This is of course not only an issue in Montreal. Many songs on Spotify, even those distinctly Ukrainian such as Leontovych’s “Carol of the Bells” are still listed as “Russian” (https://open.spotify.com/track/1bjDLyRzyiU6fCO5PPbaWi). Beyond classical music, Ukrainian writer Mykola Hohol (Russified to Nikolai Gogol), many Ukrainian avant-garde artists, among them David Burliuk and Alexander Archipenko, and even Ukraine’s defining historical figures like Volodymyr the Great and Anne of Kyiv – have all been misappropriated as Russian. There are also countless examples of modern-day Ukrainian artists or performers visiting countries and being mistakenly categorized as Russian – among them Ukrainian electro-folk band Onuka and the National Opera and Ballet of Ukraine (https://www.atlanticcouncil.org/blogs/ukrainealert/ukraine-s-stolen-history-stolen-culture/). A particularly ironic example is that of Ukrainian President Volodymyr Zelenskyy’s former comedy troup Kvartal 95 being called a “Russian Comedy Show” in reference to scheduled performances in Germany.

Malofeev was supposed to play works by Sergei Prokofiev during his recently cancelled concert in Montreal. Was he going to explain that Prokofiev too had Ukrainian roots and was born in Donetsk, Ukraine – one of the regions that has endured Putin’s war for eight years now? Or was credit once again going to go to Russia, further upholding their propaganda of cultural superiority?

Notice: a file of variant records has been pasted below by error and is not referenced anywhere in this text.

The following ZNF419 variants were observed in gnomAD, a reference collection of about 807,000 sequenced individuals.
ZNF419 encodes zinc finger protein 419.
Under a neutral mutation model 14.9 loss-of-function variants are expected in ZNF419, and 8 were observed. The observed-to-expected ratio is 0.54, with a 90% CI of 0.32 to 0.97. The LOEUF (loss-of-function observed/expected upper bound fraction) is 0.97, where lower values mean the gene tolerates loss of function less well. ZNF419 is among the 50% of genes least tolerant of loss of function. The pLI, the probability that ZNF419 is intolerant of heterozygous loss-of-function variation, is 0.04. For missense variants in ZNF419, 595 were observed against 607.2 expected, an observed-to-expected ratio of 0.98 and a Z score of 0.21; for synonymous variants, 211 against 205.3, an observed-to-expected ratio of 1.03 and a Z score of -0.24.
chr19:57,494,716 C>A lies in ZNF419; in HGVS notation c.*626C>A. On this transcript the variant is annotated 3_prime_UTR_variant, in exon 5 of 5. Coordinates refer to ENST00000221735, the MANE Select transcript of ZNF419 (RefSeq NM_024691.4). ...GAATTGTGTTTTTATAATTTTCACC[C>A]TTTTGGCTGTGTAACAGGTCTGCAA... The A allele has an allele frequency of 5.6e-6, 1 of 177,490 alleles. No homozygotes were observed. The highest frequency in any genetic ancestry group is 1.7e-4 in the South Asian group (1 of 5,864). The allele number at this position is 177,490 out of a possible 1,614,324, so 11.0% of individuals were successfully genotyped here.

In response to his first cancellation by the Vancouver Recital Society, Malofeev had said that “the truth is that every Russian will feel guilty for decades because of the terrible and bloody decision that none of us could influence and predict.” There are multiple issues with this statement. He portrays this war at “out of nowhere event” when there were many warning signs, the most obvious being that Russia’s war in Ukraine had already been ongoing for eight years since Russia’s annexation of Crimea and invasion of the Donbas in 2014. Russia also has a track record of invading countries or destabilizing its own regions, among them Georgia, Syria, and regions in the North Caucasus: the “could not predict” argument is a weak one. He is also clearly ignorant of the way in which Russian people have largely supported and propped up their dictator. He himself benefited from musical training, publicity, and support from this regime.

What took him so long to condemn this horrific phase of the war that started on February 24th? As far as I can tell, he only vaguely condemned the war once his Vancouver show was cancelled a week after. With the fame and profits that he has collected from the West, comes a great responsibility to be firm in his values. His inappropriate focus on “hatred going in all directions” reinforces his need to be cancelled at this present time.